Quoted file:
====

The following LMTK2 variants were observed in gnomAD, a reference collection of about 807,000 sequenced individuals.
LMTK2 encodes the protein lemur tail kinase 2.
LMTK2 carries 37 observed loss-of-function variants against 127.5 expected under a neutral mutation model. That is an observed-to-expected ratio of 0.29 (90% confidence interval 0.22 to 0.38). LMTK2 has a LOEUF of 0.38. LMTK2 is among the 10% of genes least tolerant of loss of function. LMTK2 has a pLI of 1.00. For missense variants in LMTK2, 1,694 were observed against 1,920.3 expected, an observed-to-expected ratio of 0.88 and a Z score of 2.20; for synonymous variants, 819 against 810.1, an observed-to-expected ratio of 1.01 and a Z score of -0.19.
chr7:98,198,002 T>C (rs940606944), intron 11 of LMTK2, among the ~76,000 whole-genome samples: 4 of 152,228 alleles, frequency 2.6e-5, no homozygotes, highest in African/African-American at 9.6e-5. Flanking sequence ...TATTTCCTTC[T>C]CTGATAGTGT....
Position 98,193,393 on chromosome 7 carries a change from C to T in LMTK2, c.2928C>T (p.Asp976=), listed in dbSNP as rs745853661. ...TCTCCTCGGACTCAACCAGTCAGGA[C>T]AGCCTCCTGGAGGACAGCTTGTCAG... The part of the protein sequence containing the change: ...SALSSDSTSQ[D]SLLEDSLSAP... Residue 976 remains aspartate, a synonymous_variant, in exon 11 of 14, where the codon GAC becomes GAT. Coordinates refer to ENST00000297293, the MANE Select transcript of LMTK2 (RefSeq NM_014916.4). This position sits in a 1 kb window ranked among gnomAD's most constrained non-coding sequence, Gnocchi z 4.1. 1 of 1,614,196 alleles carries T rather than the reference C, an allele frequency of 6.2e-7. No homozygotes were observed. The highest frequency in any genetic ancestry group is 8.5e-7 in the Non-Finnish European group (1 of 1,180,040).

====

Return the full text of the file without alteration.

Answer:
The following LMTK2 variants were observed in gnomAD, a reference collection of about 807,000 sequenced individuals.
LMTK2 encodes the protein lemur tail kinase 2.
LMTK2 carries 37 observed loss-of-function variants against 127.5 expected under a neutral mutation model. That is an observed-to-expected ratio of 0.29 (90% confidence interval 0.22 to 0.38). LMTK2 has a LOEUF of 0.38. LMTK2 is among the 10% of genes least tolerant of loss of function. LMTK2 has a pLI of 1.00. For missense variants in LMTK2, 1,694 were observed against 1,920.3 expected, an observed-to-expected ratio of 0.88 and a Z score of 2.20; for synonymous variants, 819 against 810.1, an observed-to-expected ratio of 1.01 and a Z score of -0.19.
chr7:98,198,002 T>C (rs940606944), intron 11 of LMTK2, among the ~76,000 whole-genome samples: 4 of 152,228 alleles, frequency 2.6e-5, no homozygotes, highest in African/African-American at 9.6e-5. Flanking sequence ...TATTTCCTTC[T>C]CTGATAGTGT....
Position 98,193,393 on chromosome 7 carries a change from C to T in LMTK2, c.2928C>T (p.Asp976=), listed in dbSNP as rs745853661. ...TCTCCTCGGACTCAACCAGTCAGGA[C>T]AGCCTCCTGGAGGACAGCTTGTCAG... The part of the protein sequence containing the change: ...SALSSDSTSQ[D]SLLEDSLSAP... Residue 976 remains aspartate, a synonymous_variant, in exon 11 of 14, where the codon GAC becomes GAT. Coordinates refer to ENST00000297293, the MANE Select transcript of LMTK2 (RefSeq NM_014916.4). This position sits in a 1 kb window ranked among gnomAD's most constrained non-coding sequence, Gnocchi z 4.1. 1 of 1,614,196 alleles carries T rather than the reference C, an allele frequency of 6.2e-7. No homozygotes were observed. The highest frequency in any genetic ancestry group is 8.5e-7 in the Non-Finnish European group (1 of 1,180,040).